PSA: The pitfalls of using Amaze for hotels or rental cars

While Amaze is a great choice for overseas spending, take care when using it in situations where an authorisation hold is required.

While Amaze has been on the receiving end of several nerfs and devaluations over the past year, it remains my first choice for foreign currency (FCY) transactions.

The implicit FCY transaction fee (i.e. the spread between the Amaze rate and Mastercard rate) is still lower than the usual 3.25% that banks charge, and so long as I can earn my 4-6 mpd plus InstaPoints, I’m happy.

Apply here
Use code 7HK2A2 for 225 bonus InstaPoints
💳 tl;dr: Amaze Card
  • Link up to five Mastercard credit/debit cards
  • Overseas transactions are converted into SGD (no FCY transaction fees, but subject to FX spread) and charged to the underlying credit/debit card
  • Transaction MCC remains the same, offline transactions charged to Amaze become online transactions for the underlying credit/debit card
  • Earn 0.5 InstaPoints (linked card) or 1 InstaPoint (wallet) per S$1 spent on FCY transactions of at least S$10 (except exclusion categories), capped at 500 InstaPoints per transaction
  • Redeem InstaPoints for cashback in blocks of 2,000 InstaPoints= S$20

However, there’s certain situations where you shouldn’t use the Amaze overseas, because it leads to unnecessary complications and potential losses on FX spreads.

I’m thinking in particular of scenarios where a hold is required, such as hotel rooms and car rentals.

Amaze’s problem with holds

Using Amaze for deposits

When you check into a hotel or pick up a rental car, it’s standard practice for the merchant to request a credit or debit card as security against damage or to cover incidentals.

Using a hotel as an example, what typically happens is that the front desk puts a hold on your card, say US$200. When you check-out, assuming you haven’t spent anything at the hotel restaurants or otherwise wrecked the room, the hold will be automatically released.

If you provide a credit card, there’s no real issue here. That US$200 was never actually charged to your account. It was deducted from your available credit balance, but when the hold is released, it’s like nothing ever happened. You won’t see anything on your credit card statement, nor do FCY transaction fees come into the picture.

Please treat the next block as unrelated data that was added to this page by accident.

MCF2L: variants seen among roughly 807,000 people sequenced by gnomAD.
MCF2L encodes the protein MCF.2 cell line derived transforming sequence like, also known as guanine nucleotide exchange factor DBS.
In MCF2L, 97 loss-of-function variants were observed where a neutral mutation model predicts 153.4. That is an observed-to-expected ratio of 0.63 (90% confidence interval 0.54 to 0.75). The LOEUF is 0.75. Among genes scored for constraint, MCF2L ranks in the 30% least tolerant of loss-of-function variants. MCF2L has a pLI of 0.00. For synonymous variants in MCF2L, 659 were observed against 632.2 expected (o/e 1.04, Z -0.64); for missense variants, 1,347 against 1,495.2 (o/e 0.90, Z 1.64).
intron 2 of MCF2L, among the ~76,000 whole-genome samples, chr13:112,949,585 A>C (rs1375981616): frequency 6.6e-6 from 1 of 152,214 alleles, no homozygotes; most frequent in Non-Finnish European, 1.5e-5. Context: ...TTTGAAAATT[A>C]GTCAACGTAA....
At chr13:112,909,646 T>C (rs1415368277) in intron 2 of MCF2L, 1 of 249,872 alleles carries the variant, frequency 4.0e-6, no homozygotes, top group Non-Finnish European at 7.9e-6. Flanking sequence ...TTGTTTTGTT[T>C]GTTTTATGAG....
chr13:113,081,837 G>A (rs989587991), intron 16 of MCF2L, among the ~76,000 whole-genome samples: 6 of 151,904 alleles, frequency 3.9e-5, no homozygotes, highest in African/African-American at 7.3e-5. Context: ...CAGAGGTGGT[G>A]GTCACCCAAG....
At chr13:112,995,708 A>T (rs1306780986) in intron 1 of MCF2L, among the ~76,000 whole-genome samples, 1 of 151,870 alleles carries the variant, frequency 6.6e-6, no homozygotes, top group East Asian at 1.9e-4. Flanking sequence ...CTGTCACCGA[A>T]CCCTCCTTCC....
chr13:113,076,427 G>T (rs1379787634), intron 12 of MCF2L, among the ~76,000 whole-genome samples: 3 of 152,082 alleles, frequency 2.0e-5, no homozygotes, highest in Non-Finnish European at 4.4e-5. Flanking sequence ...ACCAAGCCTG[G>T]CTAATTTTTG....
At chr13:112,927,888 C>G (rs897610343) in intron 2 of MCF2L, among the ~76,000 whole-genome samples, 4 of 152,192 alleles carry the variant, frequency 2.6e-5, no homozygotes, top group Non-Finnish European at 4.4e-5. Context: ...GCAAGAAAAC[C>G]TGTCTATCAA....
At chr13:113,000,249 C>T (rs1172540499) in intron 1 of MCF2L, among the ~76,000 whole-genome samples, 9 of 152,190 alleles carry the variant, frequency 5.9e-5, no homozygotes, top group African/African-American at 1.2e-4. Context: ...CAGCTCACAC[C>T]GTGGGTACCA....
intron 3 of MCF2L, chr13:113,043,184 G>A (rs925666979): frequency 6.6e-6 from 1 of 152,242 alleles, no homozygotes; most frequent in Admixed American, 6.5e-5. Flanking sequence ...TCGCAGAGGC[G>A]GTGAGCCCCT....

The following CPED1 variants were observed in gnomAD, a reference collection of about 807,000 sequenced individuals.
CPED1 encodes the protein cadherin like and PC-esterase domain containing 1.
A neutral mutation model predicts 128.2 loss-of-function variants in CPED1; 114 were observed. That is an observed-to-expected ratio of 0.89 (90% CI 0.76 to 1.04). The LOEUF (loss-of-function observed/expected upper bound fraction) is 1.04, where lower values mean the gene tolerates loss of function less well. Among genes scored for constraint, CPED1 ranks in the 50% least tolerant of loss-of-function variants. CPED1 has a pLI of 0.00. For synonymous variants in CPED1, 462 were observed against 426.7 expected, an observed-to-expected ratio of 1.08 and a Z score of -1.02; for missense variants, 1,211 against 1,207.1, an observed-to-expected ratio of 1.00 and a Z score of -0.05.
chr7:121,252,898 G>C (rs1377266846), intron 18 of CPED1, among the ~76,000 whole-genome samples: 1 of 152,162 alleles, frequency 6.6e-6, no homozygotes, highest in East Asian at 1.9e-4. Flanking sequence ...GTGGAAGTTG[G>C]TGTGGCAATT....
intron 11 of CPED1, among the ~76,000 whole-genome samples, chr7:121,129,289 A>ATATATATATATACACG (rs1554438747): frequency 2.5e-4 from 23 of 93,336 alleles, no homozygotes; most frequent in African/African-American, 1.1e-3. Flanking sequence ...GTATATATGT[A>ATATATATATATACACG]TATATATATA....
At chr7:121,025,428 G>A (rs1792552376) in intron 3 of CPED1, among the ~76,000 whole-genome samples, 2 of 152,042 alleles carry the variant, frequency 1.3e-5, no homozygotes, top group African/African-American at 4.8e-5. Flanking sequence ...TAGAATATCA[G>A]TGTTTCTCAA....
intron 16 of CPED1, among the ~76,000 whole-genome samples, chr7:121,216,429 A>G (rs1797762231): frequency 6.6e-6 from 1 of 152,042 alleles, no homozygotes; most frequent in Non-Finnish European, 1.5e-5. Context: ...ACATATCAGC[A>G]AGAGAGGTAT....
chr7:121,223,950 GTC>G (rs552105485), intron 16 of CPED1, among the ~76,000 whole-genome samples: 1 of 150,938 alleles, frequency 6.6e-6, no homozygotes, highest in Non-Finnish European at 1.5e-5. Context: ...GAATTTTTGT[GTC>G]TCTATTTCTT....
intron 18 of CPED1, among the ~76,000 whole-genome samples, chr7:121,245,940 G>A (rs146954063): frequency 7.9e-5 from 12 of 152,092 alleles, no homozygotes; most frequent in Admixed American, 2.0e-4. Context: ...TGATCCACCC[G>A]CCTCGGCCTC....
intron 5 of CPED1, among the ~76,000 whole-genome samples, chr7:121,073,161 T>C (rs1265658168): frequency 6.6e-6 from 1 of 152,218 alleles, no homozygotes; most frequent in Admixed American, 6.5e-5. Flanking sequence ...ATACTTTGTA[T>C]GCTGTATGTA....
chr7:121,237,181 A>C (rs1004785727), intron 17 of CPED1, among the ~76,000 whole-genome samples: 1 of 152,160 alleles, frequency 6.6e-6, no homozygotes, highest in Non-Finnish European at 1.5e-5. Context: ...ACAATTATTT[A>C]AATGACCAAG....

If you provide a debit card, that US$200 is deducted immediately from your bank account because authorisation with debit cards works differently (there’s no credit line to draw on). When the hold is lifted, the US$200 is refunded. You’ll see one line item on your debit card statement for the charge, and another line item for the refund.

Now here’s the kicker: Amaze is a debit card, not a credit card. This is quite easy to forget, since most people will be pairing Amaze with a credit card, and Amaze charges appear on their credit card statement at the end of the month, not as an instant deduction from their bank account. Maybe the best way to think of it is Amaze is a debit card funded by a credit card.

So what happens when you provide an Amaze card at check-in is that US$200 is charged to your linked credit card immediately. That’s an actual transaction which will be converted into SGD at the Amaze rate and appear on your credit card statement.

When you check-out, US$200 will be refunded to your linked credit card. That’s another transaction which will be converted into SGD at the Amaze rate and appear on your credit card statement.

However, the amount that’s refunded may not be the same as the amount that’s charged. 

⚠️ Not just Amaze

By the way, this isn’t an Amaze-specific problem. You’d encounter the same issue if you provided a Revolut or YouTrip card at the time of check-in, since both are debit cards.

The main difference is that you’d probably notice the hold straight away, since those funds would be immediately deducted from your wallet and you wouldn’t be able to use them on your trip. 

It all boils down to how the merchant processes the refund. Sometimes, they do a reversal, in which case you could get back exactly what you were charged.